Hungarians expected to vote in record numbers during October 2 referendum
The people of Hungary are expected to vote in record numbers in a referendum aimed at Brussels bureaucrats forcing them to accept compulsory resettlement of migrants under EU quota schemes
Hungary's October 2 referendum on whether to accept the forced migration quotas imposed upon them by the EU is being put under the spotlight by the world's media.
The UK's Daily Express newspaper reports today that the people of Hungary are expected to vote in record numbers in what has become an anti-immigration referendum aimed at Brussels bureaucrats forcing them to take in migrants under EU quota schemes.
And the result, according to the article, is expected to be an overwhelming victory for the country’s prime minister, Viktor Orbán, who has been leading the campaign to vote on the compulsory resettlement quotas.
And now a survey reveals a record 75 percent of people have said they are very likely to take part in the referendum, scheduled to take place on October 2.
The prime minister called for a nationwide referendum after the EU announced its migrant quota plans to resettle 160,000 Syrian refugees among the existing member states.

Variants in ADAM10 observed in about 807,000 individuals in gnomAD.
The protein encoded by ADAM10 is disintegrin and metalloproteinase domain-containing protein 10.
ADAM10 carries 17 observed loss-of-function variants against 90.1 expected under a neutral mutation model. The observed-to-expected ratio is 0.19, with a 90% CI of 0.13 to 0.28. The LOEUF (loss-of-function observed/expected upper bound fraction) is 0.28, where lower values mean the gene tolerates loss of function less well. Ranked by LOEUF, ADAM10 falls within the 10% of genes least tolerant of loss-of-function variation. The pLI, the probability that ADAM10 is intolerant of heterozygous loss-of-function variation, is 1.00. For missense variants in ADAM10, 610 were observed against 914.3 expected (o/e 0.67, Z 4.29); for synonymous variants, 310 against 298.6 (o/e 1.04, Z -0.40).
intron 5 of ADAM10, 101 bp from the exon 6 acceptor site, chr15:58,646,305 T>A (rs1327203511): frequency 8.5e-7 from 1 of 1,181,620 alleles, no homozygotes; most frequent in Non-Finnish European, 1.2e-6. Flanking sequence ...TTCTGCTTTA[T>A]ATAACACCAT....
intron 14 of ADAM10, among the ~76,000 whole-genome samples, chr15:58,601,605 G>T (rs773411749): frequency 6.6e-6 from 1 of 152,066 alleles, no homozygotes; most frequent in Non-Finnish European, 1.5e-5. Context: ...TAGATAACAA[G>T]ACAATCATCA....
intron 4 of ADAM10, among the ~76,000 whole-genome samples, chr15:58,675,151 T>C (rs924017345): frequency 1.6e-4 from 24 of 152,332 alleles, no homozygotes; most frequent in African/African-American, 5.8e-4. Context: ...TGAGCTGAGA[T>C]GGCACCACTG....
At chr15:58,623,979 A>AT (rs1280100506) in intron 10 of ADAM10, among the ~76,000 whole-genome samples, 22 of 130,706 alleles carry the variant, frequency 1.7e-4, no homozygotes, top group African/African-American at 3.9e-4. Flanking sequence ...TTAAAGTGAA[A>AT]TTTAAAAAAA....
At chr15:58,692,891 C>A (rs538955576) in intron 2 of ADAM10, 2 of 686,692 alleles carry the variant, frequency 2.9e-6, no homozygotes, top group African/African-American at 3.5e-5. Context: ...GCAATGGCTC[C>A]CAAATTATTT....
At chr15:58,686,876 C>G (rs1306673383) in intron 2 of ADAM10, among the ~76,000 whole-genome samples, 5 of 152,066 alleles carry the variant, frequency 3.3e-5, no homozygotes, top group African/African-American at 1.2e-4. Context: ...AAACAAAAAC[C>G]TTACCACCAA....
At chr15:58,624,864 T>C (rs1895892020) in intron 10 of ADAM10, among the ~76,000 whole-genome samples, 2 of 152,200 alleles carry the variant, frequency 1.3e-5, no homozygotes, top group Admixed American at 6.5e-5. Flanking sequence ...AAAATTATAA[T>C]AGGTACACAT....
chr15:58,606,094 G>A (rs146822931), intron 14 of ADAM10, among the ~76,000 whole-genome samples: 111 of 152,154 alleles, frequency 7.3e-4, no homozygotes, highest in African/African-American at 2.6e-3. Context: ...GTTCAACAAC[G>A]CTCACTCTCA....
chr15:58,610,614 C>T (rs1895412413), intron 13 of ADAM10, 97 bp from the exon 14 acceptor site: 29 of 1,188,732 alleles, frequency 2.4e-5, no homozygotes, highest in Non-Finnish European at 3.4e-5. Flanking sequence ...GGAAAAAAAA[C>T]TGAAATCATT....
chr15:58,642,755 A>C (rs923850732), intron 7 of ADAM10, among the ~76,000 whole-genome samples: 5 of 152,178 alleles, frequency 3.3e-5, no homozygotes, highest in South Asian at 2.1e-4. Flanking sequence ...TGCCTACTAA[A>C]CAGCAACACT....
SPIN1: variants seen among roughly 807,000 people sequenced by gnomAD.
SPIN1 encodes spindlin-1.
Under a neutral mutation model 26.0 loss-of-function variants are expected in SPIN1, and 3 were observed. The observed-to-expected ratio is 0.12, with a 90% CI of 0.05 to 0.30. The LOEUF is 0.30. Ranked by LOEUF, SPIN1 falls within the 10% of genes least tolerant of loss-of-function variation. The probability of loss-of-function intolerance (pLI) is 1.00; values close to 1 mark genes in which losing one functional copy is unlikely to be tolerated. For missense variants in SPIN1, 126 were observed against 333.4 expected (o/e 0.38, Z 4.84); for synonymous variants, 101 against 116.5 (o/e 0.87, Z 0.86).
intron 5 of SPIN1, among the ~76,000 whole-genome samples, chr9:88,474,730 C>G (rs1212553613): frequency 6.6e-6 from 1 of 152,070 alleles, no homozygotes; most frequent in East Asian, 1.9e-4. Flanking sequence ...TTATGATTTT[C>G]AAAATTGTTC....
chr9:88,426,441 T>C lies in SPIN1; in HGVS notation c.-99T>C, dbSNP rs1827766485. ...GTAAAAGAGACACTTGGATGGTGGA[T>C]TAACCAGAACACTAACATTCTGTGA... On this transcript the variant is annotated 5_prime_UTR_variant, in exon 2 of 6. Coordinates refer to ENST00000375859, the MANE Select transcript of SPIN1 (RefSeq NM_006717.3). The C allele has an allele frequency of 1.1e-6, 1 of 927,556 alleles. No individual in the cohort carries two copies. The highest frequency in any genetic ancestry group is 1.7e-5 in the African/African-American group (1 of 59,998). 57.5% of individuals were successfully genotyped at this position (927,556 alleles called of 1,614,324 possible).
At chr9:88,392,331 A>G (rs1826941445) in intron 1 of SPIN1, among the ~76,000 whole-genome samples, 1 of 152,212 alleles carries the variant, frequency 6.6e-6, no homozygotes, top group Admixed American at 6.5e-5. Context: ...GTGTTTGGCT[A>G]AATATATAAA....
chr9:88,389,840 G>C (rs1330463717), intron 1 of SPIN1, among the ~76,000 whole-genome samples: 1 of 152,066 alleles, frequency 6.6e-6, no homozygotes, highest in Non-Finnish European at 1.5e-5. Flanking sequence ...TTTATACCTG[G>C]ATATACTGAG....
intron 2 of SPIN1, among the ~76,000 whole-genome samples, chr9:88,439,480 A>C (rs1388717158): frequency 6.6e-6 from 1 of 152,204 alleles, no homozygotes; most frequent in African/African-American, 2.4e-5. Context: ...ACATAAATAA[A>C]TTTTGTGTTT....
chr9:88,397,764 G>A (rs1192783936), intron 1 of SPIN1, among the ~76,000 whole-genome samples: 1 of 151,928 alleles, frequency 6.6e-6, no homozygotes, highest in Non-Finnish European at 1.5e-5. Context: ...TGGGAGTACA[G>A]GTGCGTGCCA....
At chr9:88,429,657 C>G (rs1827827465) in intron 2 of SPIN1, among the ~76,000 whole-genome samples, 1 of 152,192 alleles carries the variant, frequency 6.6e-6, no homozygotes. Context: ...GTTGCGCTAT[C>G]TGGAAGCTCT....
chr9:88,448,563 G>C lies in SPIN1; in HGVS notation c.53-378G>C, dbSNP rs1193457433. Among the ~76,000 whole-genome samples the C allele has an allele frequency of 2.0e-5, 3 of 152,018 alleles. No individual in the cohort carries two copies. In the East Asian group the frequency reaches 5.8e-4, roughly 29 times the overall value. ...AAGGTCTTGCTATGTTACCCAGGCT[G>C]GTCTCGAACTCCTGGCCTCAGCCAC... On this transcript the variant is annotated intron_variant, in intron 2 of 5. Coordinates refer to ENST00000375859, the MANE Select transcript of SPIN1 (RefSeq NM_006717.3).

While the government is challenging in the European Court the European Council's decision taken in 2015 to push forward with that one-time compulsory migrant resettlement plan, the October referendum asks the people of Hungary if they want to accept any future EU mandatory quota system for resettling migrants.
Prime Minister Orbán said: "We don't want to change the character of our country.
"We want to remain Hungarian, to keep our religious and ethnic composition. That view isn't popular in Europe nowadays, at least among politicians.
"They want to force rules on member states that are in conflict with their interests, including Hungary's. We are preparing for a conflict."
Ever since the migrant crisis erupted last year, with more than one million refugees pouring into Europe, Hungary has taken a robust stance on defending the European Union's external borders.
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